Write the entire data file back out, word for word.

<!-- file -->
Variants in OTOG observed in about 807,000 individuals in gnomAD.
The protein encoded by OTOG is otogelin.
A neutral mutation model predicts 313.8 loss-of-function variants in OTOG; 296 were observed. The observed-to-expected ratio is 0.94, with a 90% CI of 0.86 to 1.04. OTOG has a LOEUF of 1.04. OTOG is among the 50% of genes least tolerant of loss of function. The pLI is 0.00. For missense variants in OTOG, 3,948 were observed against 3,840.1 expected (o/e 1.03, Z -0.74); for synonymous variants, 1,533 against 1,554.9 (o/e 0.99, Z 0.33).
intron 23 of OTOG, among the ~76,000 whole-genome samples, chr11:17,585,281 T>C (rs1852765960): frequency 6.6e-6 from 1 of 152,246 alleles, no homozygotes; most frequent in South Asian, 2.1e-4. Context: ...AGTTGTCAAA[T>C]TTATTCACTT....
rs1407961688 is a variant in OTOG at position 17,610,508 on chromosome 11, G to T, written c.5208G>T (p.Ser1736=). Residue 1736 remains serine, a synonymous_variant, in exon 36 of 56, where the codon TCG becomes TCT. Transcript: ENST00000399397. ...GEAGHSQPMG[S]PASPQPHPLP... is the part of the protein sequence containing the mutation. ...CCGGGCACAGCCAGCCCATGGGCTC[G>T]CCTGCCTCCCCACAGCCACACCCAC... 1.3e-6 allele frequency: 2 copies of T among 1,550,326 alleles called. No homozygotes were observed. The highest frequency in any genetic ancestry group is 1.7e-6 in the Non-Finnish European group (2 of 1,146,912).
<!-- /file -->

Variants in OTOG observed in about 807,000 individuals in gnomAD.
The protein encoded by OTOG is otogelin.
A neutral mutation model predicts 313.8 loss-of-function variants in OTOG; 296 were observed. The observed-to-expected ratio is 0.94, with a 90% CI of 0.86 to 1.04. OTOG has a LOEUF of 1.04. OTOG is among the 50% of genes least tolerant of loss of function. The pLI is 0.00. For missense variants in OTOG, 3,948 were observed against 3,840.1 expected (o/e 1.03, Z -0.74); for synonymous variants, 1,533 against 1,554.9 (o/e 0.99, Z 0.33).
intron 23 of OTOG, among the ~76,000 whole-genome samples, chr11:17,585,281 T>C (rs1852765960): frequency 6.6e-6 from 1 of 152,246 alleles, no homozygotes; most frequent in South Asian, 2.1e-4. Context: ...AGTTGTCAAA[T>C]TTATTCACTT....
rs1407961688 is a variant in OTOG at position 17,610,508 on chromosome 11, G to T, written c.5208G>T (p.Ser1736=). Residue 1736 remains serine, a synonymous_variant, in exon 36 of 56, where the codon TCG becomes TCT. Transcript: ENST00000399397. ...GEAGHSQPMG[S]PASPQPHPLP... is the part of the protein sequence containing the mutation. ...CCGGGCACAGCCAGCCCATGGGCTC[G>T]CCTGCCTCCCCACAGCCACACCCAC... 1.3e-6 allele frequency: 2 copies of T among 1,550,326 alleles called. No homozygotes were observed. The highest frequency in any genetic ancestry group is 1.7e-6 in the Non-Finnish European group (2 of 1,146,912).